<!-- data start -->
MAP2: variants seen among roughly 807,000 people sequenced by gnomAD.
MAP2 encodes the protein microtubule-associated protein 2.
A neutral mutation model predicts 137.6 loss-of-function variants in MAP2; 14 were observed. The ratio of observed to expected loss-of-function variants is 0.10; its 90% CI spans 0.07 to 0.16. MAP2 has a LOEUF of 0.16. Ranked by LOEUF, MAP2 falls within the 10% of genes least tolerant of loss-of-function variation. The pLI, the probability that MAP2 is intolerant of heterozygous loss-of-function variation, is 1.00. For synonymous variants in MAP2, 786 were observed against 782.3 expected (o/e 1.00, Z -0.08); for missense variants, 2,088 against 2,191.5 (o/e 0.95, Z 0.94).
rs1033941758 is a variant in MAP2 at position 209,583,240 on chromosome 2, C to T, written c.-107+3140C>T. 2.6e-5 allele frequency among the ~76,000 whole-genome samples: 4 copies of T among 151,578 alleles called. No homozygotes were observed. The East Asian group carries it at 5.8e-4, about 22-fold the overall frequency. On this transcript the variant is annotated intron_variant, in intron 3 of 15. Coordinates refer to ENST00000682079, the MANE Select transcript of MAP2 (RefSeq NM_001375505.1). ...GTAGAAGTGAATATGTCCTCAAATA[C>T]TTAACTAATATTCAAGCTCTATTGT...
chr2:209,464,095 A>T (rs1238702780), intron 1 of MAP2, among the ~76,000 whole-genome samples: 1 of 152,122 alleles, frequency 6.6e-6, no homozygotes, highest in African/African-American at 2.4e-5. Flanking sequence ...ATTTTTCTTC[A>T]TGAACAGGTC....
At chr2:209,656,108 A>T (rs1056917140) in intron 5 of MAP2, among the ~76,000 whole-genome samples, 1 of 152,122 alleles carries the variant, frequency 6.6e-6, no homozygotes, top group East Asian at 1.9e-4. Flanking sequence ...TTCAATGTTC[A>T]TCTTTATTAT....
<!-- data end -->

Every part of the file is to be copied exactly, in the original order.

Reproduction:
MAP2: variants seen among roughly 807,000 people sequenced by gnomAD.
MAP2 encodes the protein microtubule-associated protein 2.
A neutral mutation model predicts 137.6 loss-of-function variants in MAP2; 14 were observed. The ratio of observed to expected loss-of-function variants is 0.10; its 90% CI spans 0.07 to 0.16. MAP2 has a LOEUF of 0.16. Ranked by LOEUF, MAP2 falls within the 10% of genes least tolerant of loss-of-function variation. The pLI, the probability that MAP2 is intolerant of heterozygous loss-of-function variation, is 1.00. For synonymous variants in MAP2, 786 were observed against 782.3 expected (o/e 1.00, Z -0.08); for missense variants, 2,088 against 2,191.5 (o/e 0.95, Z 0.94).
rs1033941758 is a variant in MAP2 at position 209,583,240 on chromosome 2, C to T, written c.-107+3140C>T. 2.6e-5 allele frequency among the ~76,000 whole-genome samples: 4 copies of T among 151,578 alleles called. No homozygotes were observed. The East Asian group carries it at 5.8e-4, about 22-fold the overall frequency. On this transcript the variant is annotated intron_variant, in intron 3 of 15. Coordinates refer to ENST00000682079, the MANE Select transcript of MAP2 (RefSeq NM_001375505.1). ...GTAGAAGTGAATATGTCCTCAAATA[C>T]TTAACTAATATTCAAGCTCTATTGT...
chr2:209,464,095 A>T (rs1238702780), intron 1 of MAP2, among the ~76,000 whole-genome samples: 1 of 152,122 alleles, frequency 6.6e-6, no homozygotes, highest in African/African-American at 2.4e-5. Flanking sequence ...ATTTTTCTTC[A>T]TGAACAGGTC....
At chr2:209,656,108 A>T (rs1056917140) in intron 5 of MAP2, among the ~76,000 whole-genome samples, 1 of 152,122 alleles carries the variant, frequency 6.6e-6, no homozygotes, top group East Asian at 1.9e-4. Flanking sequence ...TTCAATGTTC[A>T]TCTTTATTAT....